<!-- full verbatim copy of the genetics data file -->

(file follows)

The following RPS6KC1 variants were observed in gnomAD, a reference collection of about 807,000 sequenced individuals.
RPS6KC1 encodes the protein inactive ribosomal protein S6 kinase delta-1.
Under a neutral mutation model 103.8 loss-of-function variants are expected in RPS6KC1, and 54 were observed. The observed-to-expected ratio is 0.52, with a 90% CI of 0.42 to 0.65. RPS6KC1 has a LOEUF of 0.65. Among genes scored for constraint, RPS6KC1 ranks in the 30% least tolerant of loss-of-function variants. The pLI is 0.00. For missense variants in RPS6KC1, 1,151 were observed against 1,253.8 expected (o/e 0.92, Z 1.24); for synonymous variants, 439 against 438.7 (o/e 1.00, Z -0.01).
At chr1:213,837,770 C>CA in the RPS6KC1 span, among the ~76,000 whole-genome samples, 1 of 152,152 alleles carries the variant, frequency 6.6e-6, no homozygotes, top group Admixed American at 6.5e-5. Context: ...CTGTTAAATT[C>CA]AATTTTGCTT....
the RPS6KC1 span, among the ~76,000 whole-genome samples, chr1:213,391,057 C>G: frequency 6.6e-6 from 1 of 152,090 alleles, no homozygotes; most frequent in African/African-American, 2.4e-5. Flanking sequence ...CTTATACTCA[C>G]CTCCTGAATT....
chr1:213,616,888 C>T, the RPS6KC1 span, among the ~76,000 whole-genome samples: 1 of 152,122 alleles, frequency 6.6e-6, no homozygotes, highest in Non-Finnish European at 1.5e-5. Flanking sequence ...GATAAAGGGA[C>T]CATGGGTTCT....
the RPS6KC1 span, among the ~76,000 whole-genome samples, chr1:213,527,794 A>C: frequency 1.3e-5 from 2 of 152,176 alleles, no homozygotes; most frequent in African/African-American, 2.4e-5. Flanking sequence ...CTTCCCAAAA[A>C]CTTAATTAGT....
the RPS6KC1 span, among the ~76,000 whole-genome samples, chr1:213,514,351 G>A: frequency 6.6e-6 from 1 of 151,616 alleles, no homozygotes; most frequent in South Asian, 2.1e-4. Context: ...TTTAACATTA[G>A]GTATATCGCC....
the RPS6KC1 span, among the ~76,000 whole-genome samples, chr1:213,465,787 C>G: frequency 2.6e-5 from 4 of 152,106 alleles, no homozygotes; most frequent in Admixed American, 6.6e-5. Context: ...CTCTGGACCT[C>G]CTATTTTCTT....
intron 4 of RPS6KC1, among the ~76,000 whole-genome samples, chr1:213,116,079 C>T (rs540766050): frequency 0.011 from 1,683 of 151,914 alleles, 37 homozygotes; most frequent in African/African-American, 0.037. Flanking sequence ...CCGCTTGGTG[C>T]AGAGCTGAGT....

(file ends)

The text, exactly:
The following RPS6KC1 variants were observed in gnomAD, a reference collection of about 807,000 sequenced individuals.
RPS6KC1 encodes the protein inactive ribosomal protein S6 kinase delta-1.
Under a neutral mutation model 103.8 loss-of-function variants are expected in RPS6KC1, and 54 were observed. The observed-to-expected ratio is 0.52, with a 90% CI of 0.42 to 0.65. RPS6KC1 has a LOEUF of 0.65. Among genes scored for constraint, RPS6KC1 ranks in the 30% least tolerant of loss-of-function variants. The pLI is 0.00. For missense variants in RPS6KC1, 1,151 were observed against 1,253.8 expected (o/e 0.92, Z 1.24); for synonymous variants, 439 against 438.7 (o/e 1.00, Z -0.01).
At chr1:213,837,770 C>CA in the RPS6KC1 span, among the ~76,000 whole-genome samples, 1 of 152,152 alleles carries the variant, frequency 6.6e-6, no homozygotes, top group Admixed American at 6.5e-5. Context: ...CTGTTAAATT[C>CA]AATTTTGCTT....
the RPS6KC1 span, among the ~76,000 whole-genome samples, chr1:213,391,057 C>G: frequency 6.6e-6 from 1 of 152,090 alleles, no homozygotes; most frequent in African/African-American, 2.4e-5. Flanking sequence ...CTTATACTCA[C>G]CTCCTGAATT....
chr1:213,616,888 C>T, the RPS6KC1 span, among the ~76,000 whole-genome samples: 1 of 152,122 alleles, frequency 6.6e-6, no homozygotes, highest in Non-Finnish European at 1.5e-5. Flanking sequence ...GATAAAGGGA[C>T]CATGGGTTCT....
the RPS6KC1 span, among the ~76,000 whole-genome samples, chr1:213,527,794 A>C: frequency 1.3e-5 from 2 of 152,176 alleles, no homozygotes; most frequent in African/African-American, 2.4e-5. Flanking sequence ...CTTCCCAAAA[A>C]CTTAATTAGT....
the RPS6KC1 span, among the ~76,000 whole-genome samples, chr1:213,514,351 G>A: frequency 6.6e-6 from 1 of 151,616 alleles, no homozygotes; most frequent in South Asian, 2.1e-4. Context: ...TTTAACATTA[G>A]GTATATCGCC....
the RPS6KC1 span, among the ~76,000 whole-genome samples, chr1:213,465,787 C>G: frequency 2.6e-5 from 4 of 152,106 alleles, no homozygotes; most frequent in Admixed American, 6.6e-5. Context: ...CTCTGGACCT[C>G]CTATTTTCTT....
intron 4 of RPS6KC1, among the ~76,000 whole-genome samples, chr1:213,116,079 C>T (rs540766050): frequency 0.011 from 1,683 of 151,914 alleles, 37 homozygotes; most frequent in African/African-American, 0.037. Flanking sequence ...CCGCTTGGTG[C>T]AGAGCTGAGT....